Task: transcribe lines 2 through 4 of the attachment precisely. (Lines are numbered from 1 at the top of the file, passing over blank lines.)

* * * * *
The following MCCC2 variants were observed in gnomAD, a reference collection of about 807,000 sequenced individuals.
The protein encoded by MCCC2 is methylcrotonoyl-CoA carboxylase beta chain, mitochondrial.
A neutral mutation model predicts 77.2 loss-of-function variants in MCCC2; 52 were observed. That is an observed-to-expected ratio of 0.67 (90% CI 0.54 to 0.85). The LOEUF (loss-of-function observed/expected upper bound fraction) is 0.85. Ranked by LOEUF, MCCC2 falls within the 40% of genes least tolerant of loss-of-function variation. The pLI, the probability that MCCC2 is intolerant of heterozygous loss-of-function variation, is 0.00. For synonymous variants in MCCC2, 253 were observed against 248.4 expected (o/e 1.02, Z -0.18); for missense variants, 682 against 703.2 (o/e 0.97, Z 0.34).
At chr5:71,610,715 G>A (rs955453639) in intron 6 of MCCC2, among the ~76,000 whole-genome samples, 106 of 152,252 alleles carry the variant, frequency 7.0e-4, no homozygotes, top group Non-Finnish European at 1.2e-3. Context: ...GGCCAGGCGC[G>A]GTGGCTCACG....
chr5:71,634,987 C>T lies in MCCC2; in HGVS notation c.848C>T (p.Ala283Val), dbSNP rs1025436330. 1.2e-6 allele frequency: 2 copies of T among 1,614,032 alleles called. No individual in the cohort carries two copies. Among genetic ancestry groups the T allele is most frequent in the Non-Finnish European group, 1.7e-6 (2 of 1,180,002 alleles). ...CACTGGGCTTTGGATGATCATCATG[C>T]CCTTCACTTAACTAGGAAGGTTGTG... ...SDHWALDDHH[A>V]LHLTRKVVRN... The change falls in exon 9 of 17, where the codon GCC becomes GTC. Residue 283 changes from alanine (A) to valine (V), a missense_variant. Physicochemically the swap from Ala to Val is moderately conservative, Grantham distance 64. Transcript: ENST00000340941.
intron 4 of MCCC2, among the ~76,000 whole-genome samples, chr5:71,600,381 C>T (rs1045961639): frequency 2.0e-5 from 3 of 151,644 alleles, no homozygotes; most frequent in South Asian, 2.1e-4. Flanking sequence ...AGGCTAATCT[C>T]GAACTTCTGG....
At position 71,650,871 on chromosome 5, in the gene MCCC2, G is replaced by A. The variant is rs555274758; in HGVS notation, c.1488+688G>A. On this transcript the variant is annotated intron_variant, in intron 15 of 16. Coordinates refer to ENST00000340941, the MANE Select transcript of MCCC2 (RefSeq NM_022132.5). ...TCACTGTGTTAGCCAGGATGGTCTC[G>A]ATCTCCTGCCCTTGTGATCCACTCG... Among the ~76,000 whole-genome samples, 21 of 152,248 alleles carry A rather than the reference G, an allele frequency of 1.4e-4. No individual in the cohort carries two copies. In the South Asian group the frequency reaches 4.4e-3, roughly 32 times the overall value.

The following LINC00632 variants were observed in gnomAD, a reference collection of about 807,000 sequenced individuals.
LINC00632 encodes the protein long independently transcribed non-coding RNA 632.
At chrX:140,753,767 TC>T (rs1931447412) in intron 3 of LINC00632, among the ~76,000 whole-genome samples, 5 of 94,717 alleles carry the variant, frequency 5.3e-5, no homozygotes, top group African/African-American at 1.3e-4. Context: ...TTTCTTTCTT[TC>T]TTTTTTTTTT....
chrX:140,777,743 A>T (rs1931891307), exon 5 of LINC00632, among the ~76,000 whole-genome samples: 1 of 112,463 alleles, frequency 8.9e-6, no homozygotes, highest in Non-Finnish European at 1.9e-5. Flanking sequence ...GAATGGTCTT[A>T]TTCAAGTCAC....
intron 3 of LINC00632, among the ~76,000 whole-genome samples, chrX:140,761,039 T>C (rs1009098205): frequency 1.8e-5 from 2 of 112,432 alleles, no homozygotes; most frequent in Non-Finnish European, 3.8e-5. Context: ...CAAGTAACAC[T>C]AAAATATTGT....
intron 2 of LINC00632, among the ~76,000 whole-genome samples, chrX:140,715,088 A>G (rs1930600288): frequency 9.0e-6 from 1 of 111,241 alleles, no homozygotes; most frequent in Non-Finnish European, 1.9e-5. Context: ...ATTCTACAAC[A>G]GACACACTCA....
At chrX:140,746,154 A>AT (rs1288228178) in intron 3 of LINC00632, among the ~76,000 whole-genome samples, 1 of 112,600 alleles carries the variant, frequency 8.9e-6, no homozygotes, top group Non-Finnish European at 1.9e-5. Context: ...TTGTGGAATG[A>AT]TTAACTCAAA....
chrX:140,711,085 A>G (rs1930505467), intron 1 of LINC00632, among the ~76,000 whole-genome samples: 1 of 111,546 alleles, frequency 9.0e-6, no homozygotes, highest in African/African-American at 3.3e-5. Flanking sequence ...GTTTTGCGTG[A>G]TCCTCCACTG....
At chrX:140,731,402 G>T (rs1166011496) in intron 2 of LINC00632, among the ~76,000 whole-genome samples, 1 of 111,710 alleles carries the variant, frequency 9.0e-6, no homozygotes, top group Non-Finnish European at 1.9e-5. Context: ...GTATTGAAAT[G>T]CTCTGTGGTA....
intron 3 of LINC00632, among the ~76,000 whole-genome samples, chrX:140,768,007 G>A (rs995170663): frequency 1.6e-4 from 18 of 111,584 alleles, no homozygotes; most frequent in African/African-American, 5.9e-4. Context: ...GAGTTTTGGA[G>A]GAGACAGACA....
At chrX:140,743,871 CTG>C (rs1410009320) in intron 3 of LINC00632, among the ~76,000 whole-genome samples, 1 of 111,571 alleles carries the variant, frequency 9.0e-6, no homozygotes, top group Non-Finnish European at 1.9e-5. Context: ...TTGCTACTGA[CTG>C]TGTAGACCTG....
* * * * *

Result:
The protein encoded by MCCC2 is methylcrotonoyl-CoA carboxylase beta chain, mitochondrial.
A neutral mutation model predicts 77.2 loss-of-function variants in MCCC2; 52 were observed. That is an observed-to-expected ratio of 0.67 (90% CI 0.54 to 0.85). The LOEUF (loss-of-function observed/expected upper bound fraction) is 0.85. Ranked by LOEUF, MCCC2 falls within the 40% of genes least tolerant of loss-of-function variation. The pLI, the probability that MCCC2 is intolerant of heterozygous loss-of-function variation, is 0.00. For synonymous variants in MCCC2, 253 were observed against 248.4 expected (o/e 1.02, Z -0.18); for missense variants, 682 against 703.2 (o/e 0.97, Z 0.34).
At chr5:71,610,715 G>A (rs955453639) in intron 6 of MCCC2, among the ~76,000 whole-genome samples, 106 of 152,252 alleles carry the variant, frequency 7.0e-4, no homozygotes, top group Non-Finnish European at 1.2e-3. Context: ...GGCCAGGCGC[G>A]GTGGCTCACG....